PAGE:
Skyler Mattson You know, since we are part of Infosys, we're in a more stable position than some of our independent agency friends. And we have been undergoing transformation becoming a part of this large global company for a couple of years. So we've actually gotten pretty used to change as a constant. But you know, I will say one of the biggest things within WONGDOODY that has changed recently is us really taking a hard look at our diversity and inclusion and learning the many ways we have to grow and evolve. We've added, at a time when nobody's adding staff, a diversity consultant and have included specific goals against diversity and equity as part of our company goals. And so I think like when I look at what has changed during this time, that is one of the most significant and important changes we've made.
Jeff Kavanaugh Going back to what you said about being part of a larger company, ‘cause you were independent for many years, then you became part of something larger. For all those people who have these creative instincts out there that are part of some larger firm, what advice do you give them on how to stay just a little bit crazy and independent while still operating the rows and columns of a large organization?
Skyler Mattson Oh, I love that question. I think when you realize that creativity can solve business problems, that you don't analyze the assignment as much. I think the work that we're doing with Infosys clients, they're global clients, they’re many of the Fortune 500 businesses, and we have different business challenges to tackle, but that doesn't mean creativity isn't a part of those solutions and creativity remains such a part of our DNA that we continuously look at the innovative ways to come at a business problem.
Jeff Kavanaugh You said that word creativity. So we're going to go off on that one for a little bit. You said before that WONGDOODY has always believed in a “creative democracy.” What does that mean? And what does it look like now?
Skyler Mattson I'm glad you're asking about this. I think that creative democracy, the idea that a good idea can come from anyone, which extends to members of our creative department, to our receptionist, to our clients. It is one of the best things about working at WONGDOODY and it will always be a central part of our culture. And the cool part has been watching it spread to other groups within Infosys, as they start working with us. You know, now creative democracy extends to how we grow our business, how we integrate new companies. It's not just about creating ads. It's about creating the culture we want as we grow. And as we grow and as we evolve.
Jeff Kavanaugh Let's go back to the headline here, human experience. If we say it's a combination of customer experience, user experience and employee experience, how do you harness all these together and actually elevate the brand and drive revenue and loyalty?
Skyler Mattson I mean, it's tricky. You know, it's always about understanding the human being at the center of the experience. And if we sort of go back to that North Star, it helps us to stay focused. Our insights about their needs inform our creative approach. So we're never just creative for the sake of being creative. We're being creative based on a human need that we understand. And then we design and we build based on that understanding. You know, we're also looking for ways to be more efficient in this process and we know that it can come at multiple points from process automation to AI, to machine learning. That's what's great about Infosys. We're able to do those things because of the scale that Infosys brings. And with that partnership, we just have multiple opportunities for both efficiency and creativity. And that's really a sweet spot for businesses right now.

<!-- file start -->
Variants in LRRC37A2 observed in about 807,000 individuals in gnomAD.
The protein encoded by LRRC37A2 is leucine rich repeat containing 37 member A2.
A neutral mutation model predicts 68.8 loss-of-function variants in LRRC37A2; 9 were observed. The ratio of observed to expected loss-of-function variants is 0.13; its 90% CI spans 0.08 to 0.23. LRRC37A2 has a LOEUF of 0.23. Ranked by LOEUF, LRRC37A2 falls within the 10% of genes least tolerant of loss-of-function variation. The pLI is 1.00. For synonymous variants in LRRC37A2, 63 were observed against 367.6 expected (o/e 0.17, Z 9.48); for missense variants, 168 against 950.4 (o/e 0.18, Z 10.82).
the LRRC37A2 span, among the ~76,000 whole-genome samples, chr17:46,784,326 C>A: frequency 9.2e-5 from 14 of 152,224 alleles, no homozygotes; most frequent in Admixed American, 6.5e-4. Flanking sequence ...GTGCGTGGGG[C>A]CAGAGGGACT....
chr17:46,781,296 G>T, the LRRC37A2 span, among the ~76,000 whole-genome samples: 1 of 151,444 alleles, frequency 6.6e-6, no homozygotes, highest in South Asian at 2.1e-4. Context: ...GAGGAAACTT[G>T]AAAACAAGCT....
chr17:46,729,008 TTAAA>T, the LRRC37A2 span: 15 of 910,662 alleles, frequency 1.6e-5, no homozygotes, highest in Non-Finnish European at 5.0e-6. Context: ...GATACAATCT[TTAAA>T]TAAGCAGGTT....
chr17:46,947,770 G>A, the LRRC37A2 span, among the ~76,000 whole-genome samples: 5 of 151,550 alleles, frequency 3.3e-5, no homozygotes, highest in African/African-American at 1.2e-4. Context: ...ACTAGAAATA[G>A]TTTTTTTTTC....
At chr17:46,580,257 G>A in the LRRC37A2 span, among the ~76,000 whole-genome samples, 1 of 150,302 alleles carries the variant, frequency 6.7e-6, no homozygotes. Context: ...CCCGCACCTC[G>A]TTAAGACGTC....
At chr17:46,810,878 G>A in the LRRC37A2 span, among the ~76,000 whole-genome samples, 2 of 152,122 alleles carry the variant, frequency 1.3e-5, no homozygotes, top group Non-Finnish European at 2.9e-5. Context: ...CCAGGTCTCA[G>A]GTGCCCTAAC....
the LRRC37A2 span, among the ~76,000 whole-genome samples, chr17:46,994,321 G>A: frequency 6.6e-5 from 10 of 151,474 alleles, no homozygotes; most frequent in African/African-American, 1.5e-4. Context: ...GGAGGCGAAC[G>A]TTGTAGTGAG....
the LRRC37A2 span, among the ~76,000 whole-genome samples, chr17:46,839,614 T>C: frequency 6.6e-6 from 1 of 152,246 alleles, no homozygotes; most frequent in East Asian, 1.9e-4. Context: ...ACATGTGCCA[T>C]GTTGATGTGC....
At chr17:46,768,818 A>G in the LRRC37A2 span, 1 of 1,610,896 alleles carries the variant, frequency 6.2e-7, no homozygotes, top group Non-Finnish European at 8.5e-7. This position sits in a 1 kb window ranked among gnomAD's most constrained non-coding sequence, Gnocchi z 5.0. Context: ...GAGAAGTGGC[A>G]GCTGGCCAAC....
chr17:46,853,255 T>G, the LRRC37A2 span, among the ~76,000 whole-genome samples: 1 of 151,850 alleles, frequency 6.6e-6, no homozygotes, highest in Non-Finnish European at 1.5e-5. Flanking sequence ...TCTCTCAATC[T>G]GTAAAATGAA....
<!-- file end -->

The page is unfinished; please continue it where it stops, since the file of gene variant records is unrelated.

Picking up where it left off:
Jeff Kavanaugh You still have to fight to make sure that creativity doesn't get pushed into a corner, but that's interesting to see that back and forth, that duality of creativity and efficiency. Speaking of dualities, there’s short term/long term. In your view, how is how can a business leader make long term decisions, long term impact in a short term, highly uncertain environment.
Skyler Mattson We know that companies that invest in marketing and R&D in the tough times, do better than companies that don't. And that's likely true now. I mean, we certainly have to be good financial stewards, but this is really the time to think long term and invest where you can. And we're also sort of forced to cut in places that are no longer relevant, like conferences and travel. So in the short term, cost cut where you can. In the long term really focus on coming out on top with your innovation and your marketing.
Jeff Kavanaugh One of the things I admire about you, Skyler is the optimistic attitude. There's an edge there, but optimistic attitude. If you're talking with a young person today, that's just beginning their career, maybe even in college, what advice or perspective might you give them as they look to their own career?
Skyler Mattson You know, I, my dad had said to me, “Do something you love because when you are able to enjoy something, you put your heart into it and then you are successful at it.” And he did something he loved, he shaped surfboards and built up a surf business with stores in California and Hawaii. And I think I have been incredibly lucky to have landed in a profession that I love. And so I always want to give the advice to try to find something that you love doing. And, you know, it's funny, I think, you know, during this, the shelter at home time, kids are playing way more video games than they should be. But now they're asking me about coding classes and now they're on code.org and I'm starting to see this future where my kids are coders and it's something that they love. And it is a skill that is so needed for the future. So maybe that's a silver lining of us all being at home that maybe they'll become little coders.